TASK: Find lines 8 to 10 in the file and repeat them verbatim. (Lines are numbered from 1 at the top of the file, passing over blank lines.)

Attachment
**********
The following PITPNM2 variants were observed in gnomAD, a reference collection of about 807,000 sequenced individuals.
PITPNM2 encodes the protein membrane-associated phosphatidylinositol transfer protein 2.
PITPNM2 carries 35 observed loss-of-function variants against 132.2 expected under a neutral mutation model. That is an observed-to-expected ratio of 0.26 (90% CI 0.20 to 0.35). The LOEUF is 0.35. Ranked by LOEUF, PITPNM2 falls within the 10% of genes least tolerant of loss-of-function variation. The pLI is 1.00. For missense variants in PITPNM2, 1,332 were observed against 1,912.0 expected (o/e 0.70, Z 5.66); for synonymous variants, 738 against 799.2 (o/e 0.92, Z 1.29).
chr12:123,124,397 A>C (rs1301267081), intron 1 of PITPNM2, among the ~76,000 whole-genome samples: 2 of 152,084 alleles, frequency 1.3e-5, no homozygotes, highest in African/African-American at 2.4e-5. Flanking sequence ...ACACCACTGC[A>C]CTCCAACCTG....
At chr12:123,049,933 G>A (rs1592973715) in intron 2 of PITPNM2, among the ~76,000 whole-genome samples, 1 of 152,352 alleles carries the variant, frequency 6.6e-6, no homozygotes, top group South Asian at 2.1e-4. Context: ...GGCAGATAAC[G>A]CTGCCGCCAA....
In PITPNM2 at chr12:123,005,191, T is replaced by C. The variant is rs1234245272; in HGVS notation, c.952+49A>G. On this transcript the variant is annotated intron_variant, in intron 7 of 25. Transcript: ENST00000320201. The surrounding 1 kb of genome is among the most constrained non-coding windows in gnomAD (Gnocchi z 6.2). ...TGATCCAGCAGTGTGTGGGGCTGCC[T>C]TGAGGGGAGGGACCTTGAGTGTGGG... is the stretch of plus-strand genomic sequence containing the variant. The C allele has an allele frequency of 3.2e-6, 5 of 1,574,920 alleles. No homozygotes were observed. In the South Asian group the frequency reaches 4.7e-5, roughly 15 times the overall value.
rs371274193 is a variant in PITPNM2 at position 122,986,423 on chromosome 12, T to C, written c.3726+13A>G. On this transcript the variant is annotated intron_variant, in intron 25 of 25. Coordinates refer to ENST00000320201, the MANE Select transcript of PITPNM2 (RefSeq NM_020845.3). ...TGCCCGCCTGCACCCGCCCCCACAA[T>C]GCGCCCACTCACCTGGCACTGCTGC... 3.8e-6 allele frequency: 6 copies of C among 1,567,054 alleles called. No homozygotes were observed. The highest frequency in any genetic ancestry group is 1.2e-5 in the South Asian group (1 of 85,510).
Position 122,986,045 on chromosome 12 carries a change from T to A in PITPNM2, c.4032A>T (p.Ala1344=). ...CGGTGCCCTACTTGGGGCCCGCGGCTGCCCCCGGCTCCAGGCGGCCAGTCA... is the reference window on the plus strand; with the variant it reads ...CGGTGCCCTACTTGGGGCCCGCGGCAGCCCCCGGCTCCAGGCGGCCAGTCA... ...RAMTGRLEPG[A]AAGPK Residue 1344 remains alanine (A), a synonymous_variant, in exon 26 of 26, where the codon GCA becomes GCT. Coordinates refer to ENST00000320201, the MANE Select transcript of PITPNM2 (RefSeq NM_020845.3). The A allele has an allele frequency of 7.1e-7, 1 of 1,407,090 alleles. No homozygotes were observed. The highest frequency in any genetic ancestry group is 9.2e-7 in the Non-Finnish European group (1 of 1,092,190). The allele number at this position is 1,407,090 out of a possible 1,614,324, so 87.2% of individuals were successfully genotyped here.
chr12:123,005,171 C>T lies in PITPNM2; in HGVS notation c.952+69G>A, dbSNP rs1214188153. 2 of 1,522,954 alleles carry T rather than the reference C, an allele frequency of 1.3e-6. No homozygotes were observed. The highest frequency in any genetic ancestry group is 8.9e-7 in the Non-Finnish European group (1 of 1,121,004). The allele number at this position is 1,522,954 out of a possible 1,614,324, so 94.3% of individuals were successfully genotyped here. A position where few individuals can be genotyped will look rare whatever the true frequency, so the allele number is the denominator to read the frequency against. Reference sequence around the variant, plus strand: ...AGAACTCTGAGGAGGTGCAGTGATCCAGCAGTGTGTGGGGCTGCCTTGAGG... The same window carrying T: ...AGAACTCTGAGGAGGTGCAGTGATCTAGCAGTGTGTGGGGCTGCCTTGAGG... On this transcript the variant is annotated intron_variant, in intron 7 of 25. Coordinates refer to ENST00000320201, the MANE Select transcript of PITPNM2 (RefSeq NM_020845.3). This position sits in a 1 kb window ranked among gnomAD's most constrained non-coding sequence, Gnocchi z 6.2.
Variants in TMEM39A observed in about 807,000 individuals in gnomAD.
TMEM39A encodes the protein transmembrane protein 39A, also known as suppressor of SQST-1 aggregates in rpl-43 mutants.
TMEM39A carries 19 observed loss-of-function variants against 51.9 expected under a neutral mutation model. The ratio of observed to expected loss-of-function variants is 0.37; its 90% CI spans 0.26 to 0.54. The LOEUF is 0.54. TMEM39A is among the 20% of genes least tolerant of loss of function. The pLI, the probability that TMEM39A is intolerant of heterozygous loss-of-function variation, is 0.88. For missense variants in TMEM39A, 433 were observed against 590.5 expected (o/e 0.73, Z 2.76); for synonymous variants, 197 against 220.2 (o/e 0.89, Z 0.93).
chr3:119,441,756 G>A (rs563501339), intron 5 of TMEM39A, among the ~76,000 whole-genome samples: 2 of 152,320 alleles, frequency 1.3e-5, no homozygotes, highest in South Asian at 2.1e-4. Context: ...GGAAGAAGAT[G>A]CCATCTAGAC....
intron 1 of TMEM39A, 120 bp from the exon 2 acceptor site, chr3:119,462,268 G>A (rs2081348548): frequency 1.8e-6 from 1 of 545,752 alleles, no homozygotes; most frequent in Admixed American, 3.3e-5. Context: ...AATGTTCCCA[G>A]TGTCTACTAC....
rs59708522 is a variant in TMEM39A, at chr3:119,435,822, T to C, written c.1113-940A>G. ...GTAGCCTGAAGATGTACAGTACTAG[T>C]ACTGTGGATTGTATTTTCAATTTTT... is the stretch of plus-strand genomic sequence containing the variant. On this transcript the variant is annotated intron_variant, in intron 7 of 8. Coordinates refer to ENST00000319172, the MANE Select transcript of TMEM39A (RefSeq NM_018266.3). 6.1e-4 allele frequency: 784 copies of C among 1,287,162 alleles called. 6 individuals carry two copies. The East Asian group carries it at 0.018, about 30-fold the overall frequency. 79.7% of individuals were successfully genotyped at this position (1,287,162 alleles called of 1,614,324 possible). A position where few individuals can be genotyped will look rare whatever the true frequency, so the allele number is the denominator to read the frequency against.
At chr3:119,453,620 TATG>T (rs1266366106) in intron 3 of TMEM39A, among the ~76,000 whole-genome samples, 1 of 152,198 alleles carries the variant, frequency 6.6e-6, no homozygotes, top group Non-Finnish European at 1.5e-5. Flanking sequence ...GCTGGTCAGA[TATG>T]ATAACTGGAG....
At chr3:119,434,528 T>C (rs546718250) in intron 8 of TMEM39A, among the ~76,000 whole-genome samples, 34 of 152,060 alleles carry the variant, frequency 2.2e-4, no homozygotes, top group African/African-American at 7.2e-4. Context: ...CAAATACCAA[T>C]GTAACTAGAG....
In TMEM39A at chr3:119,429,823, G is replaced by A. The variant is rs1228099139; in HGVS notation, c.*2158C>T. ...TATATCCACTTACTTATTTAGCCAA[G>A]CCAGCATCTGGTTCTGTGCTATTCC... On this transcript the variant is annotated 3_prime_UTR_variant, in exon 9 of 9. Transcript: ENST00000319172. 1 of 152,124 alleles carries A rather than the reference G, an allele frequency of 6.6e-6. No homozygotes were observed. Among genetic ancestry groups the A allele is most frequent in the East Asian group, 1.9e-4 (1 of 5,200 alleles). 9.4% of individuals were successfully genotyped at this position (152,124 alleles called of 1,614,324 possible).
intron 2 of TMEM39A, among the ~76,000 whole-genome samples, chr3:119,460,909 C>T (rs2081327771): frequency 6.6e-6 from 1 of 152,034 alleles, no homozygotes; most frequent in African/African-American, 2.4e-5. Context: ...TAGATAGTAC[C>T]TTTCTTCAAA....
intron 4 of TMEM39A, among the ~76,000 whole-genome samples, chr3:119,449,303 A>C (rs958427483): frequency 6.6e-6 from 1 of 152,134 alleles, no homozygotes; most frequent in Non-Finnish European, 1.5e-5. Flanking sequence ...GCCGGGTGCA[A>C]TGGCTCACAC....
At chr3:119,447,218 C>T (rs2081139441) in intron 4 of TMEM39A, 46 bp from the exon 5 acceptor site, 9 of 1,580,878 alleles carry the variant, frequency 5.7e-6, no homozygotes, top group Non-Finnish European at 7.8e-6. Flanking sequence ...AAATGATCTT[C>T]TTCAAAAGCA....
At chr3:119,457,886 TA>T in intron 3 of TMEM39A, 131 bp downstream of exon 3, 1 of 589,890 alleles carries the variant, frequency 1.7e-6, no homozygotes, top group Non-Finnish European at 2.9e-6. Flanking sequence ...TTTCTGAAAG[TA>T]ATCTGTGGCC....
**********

Position 122,986,045 on chromosome 12 carries a change from T to A in PITPNM2, c.4032A>T (p.Ala1344=). ...CGGTGCCCTACTTGGGGCCCGCGGCTGCCCCCGGCTCCAGGCGGCCAGTCA... is the reference window on the plus strand; with the variant it reads ...CGGTGCCCTACTTGGGGCCCGCGGCAGCCCCCGGCTCCAGGCGGCCAGTCA... ...RAMTGRLEPG[A]AAGPK Residue 1344 remains alanine (A), a synonymous_variant, in exon 26 of 26, where the codon GCA becomes GCT. Coordinates refer to ENST00000320201, the MANE Select transcript of PITPNM2 (RefSeq NM_020845.3). The A allele has an allele frequency of 7.1e-7, 1 of 1,407,090 alleles. No homozygotes were observed. The highest frequency in any genetic ancestry group is 9.2e-7 in the Non-Finnish European group (1 of 1,092,190). The allele number at this position is 1,407,090 out of a possible 1,614,324, so 87.2% of individuals were successfully genotyped here.
chr12:123,005,171 C>T lies in PITPNM2; in HGVS notation c.952+69G>A, dbSNP rs1214188153. 2 of 1,522,954 alleles carry T rather than the reference C, an allele frequency of 1.3e-6. No homozygotes were observed. The highest frequency in any genetic ancestry group is 8.9e-7 in the Non-Finnish European group (1 of 1,121,004). The allele number at this position is 1,522,954 out of a possible 1,614,324, so 94.3% of individuals were successfully genotyped here. A position where few individuals can be genotyped will look rare whatever the true frequency, so the allele number is the denominator to read the frequency against. Reference sequence around the variant, plus strand: ...AGAACTCTGAGGAGGTGCAGTGATCCAGCAGTGTGTGGGGCTGCCTTGAGG... The same window carrying T: ...AGAACTCTGAGGAGGTGCAGTGATCTAGCAGTGTGTGGGGCTGCCTTGAGG... On this transcript the variant is annotated intron_variant, in intron 7 of 25. Coordinates refer to ENST00000320201, the MANE Select transcript of PITPNM2 (RefSeq NM_020845.3). This position sits in a 1 kb window ranked among gnomAD's most constrained non-coding sequence, Gnocchi z 6.2.
Variants in TMEM39A observed in about 807,000 individuals in gnomAD.